The first thing I learn about Lumiose City is that its inhabitants are completely insane (see this entry’s ridiculous quote log for documentary proof of this claim).  To their credit, though, they have some damn fine attractions.  I visit a Pokéball Boutique that stocks every kind of specialty Pokéball imaginable (they even have a Master Ball in their display case, though they don’t seem inclined to sell it), a shop that sells gourmet Berry Juice to delight and invigorate Pokémon, the outrageously expensive boutique that formerly rejected me for my lack of style, a train station modelled on the real Paris’ Gare du Nord (an architectural attraction in itself), a three-star restaurant that will only serve customers “on a par with the champion” (…interesting business model there), a slightly saner two-star restaurant with some decidedly curious menu options (to their credit, even one Michelin Star is a pretty high accolade in the fine dining scene), and a dozen different cafés (the café, incidentally, seems to be the basic unit of social organisation in Lumiose City).  I also meet a couple of Pokémon that look like floating pumpkins, although I don’t yet know what they’re called, or really anything else about them – Ghost/Grass-types, maybe? – and drop in on Lumiose Press, where Alexa, the journalist sister of the Santalune Gym Leader Viola, works.  Apparently their editor-in-chief is off in the mountains searching for a mythical Pokémon… curious.  The Lumiose Art Museum, much as I normally enjoy this kind of extraneous cultural detail, fell a little flat for me; the enduring message I was left with is that Kalosian art has an overwhelming fondness for landscapes.  At some point, as a result of battling random trainers in the city, my new Clauncher, Odysseus, reaches level 37 and evolves into a Clawitzer (which is pretty much the most badass Pokémon name since Octillery), his one big claw growing even further into an enormous jaw-like claw-zooka twice the size of the rest of his body.  I fell in love instantly.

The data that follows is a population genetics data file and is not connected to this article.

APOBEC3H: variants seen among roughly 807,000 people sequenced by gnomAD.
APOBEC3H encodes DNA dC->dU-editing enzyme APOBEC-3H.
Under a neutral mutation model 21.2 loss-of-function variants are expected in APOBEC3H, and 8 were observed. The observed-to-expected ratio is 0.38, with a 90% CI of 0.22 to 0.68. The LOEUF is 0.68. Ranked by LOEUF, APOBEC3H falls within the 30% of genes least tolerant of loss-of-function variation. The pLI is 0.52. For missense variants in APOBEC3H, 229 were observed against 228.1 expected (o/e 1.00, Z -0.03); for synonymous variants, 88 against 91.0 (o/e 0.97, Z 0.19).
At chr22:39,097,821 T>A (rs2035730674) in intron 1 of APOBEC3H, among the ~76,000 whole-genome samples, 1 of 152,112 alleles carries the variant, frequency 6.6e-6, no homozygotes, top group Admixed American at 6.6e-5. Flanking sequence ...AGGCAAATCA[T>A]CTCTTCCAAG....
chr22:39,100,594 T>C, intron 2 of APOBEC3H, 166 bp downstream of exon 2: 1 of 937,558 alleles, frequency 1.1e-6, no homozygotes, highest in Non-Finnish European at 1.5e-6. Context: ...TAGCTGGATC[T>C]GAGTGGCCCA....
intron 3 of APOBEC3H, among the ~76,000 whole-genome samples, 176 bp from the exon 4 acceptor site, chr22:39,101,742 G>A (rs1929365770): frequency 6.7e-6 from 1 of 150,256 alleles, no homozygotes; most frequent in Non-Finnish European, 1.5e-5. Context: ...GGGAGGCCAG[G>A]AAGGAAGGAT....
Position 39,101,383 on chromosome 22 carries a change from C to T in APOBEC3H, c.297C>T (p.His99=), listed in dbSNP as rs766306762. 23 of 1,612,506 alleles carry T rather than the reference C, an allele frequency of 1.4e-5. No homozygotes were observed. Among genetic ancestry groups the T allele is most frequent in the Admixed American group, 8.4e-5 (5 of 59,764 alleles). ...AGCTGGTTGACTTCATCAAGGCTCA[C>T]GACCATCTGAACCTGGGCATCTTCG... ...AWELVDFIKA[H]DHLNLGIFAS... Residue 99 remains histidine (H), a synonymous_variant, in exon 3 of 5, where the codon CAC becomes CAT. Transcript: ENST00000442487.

Well, that’s enough sightseeing – time to conquer the physical and spiritual heart of the city!